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Education

Anti-Racism and Anti-Communism

Communists wave Soviet flags near the statue of Soviet state founder Vladimir Lenin in Stavropol, Russia, May 1, 2009. (Eduard Korniyenko/Reuters)

A great many college leaders today are on the anti-racism bandwagon, insisting that everything possible be done to eradicate racism.

But suppose that someone were to say, “Communism is also bad. Let’s have a campaign on campus to stamp it out too.”

George Mason University economics professor Bryan Caplan ponders the differences between anti-racist and anti-communist campaigns in this post.

He sees no difference.

Among Caplan’s reasons for thinking that an anti-communist campaign would be bad: “Once the re-definition of ‘Communism’ starts to snowball, people will self-censor to avoid becoming victims of semantic inflation. So the policy doesn’t merely persecute people for leftist leanings; it stifles the creation and evaluation of any idea that a paranoid fanatic might interpret as ‘Communist.’* Universities should be especially horrified by this consequence, because universities are supposed to be centers for the creation and objective evaluation of ideas.”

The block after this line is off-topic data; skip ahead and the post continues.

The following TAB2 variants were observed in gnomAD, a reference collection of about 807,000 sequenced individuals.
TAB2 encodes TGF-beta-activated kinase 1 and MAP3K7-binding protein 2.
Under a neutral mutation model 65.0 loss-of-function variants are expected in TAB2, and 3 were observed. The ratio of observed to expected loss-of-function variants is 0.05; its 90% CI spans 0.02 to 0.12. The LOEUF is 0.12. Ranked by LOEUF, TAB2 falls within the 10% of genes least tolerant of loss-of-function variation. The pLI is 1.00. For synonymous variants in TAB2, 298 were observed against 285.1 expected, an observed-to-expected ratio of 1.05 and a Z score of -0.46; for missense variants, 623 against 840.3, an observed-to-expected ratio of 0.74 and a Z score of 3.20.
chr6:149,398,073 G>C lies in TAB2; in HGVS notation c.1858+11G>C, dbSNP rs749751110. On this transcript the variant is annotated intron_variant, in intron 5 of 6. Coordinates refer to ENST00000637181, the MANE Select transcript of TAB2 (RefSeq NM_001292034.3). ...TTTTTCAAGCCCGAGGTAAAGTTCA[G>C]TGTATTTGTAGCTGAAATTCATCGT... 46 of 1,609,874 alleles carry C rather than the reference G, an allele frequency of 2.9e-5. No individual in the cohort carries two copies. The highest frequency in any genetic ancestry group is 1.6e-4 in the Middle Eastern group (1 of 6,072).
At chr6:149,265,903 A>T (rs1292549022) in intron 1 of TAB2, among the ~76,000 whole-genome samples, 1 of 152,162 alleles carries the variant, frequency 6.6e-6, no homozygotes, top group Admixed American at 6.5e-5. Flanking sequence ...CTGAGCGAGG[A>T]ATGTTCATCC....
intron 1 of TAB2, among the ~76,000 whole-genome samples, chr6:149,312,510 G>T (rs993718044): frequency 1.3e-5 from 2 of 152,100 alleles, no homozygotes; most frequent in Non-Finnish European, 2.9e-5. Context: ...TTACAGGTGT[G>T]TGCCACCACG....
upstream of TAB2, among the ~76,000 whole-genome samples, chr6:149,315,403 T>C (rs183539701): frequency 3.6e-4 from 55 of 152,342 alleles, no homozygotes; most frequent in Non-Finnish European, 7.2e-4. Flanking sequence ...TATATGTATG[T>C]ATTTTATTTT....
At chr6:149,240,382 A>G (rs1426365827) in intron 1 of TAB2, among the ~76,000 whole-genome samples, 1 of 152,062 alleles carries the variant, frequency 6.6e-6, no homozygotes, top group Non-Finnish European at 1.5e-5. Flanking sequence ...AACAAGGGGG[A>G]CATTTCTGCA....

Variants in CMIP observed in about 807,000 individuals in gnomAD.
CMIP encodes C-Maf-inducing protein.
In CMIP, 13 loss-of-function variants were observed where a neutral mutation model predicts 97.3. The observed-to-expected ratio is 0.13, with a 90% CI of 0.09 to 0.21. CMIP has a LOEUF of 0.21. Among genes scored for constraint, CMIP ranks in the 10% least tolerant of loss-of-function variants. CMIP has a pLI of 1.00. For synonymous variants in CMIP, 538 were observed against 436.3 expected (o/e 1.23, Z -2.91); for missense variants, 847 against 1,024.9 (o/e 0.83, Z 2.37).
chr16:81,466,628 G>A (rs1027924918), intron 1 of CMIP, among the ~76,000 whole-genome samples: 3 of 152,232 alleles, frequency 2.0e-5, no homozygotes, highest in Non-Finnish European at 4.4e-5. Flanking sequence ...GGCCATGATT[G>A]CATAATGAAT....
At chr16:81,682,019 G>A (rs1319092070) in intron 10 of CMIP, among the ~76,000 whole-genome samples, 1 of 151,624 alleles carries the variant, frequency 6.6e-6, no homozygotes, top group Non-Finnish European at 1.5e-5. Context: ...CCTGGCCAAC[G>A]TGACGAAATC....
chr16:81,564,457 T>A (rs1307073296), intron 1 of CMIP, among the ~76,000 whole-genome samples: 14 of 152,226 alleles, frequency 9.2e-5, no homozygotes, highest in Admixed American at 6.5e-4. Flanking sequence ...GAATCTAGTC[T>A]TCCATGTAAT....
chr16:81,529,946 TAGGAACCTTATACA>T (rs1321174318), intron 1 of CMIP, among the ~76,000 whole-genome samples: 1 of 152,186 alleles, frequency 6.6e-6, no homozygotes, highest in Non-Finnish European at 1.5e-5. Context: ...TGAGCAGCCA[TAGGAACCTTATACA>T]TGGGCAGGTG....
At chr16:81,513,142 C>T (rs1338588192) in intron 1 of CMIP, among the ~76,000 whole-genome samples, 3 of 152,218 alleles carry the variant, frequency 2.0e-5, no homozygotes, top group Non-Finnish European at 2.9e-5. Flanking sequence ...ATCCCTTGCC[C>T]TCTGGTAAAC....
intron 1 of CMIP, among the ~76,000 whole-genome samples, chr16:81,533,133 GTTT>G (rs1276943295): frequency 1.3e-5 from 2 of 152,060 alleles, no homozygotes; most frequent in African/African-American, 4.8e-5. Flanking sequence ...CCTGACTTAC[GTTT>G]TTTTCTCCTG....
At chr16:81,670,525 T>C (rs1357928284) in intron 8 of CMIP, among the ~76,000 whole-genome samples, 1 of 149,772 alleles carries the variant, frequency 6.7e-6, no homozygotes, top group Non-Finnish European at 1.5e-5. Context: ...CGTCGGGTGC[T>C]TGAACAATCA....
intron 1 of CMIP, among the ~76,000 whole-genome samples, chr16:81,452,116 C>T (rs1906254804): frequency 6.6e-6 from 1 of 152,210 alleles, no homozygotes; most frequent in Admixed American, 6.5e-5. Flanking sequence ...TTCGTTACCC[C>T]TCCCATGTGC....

Similarly: “Once the re-definition of ‘racism’ starts to snowball, people will self-censor to avoid becoming victims of semantic inflation.  So the policy doesn’t merely persecute people for non-leftist leanings; it stifles the creation and evaluation of any idea that a paranoid fanatic might interpret as ‘racist.’ Universities should be especially horrified by this consequence, because universities are supposed to be centers for the creation and objective evaluation of ideas.”

Read the whole thing.

Hat tip: Dan Klein

George Leef is the the director of editorial content at the James G. Martin Center for Academic Renewal.

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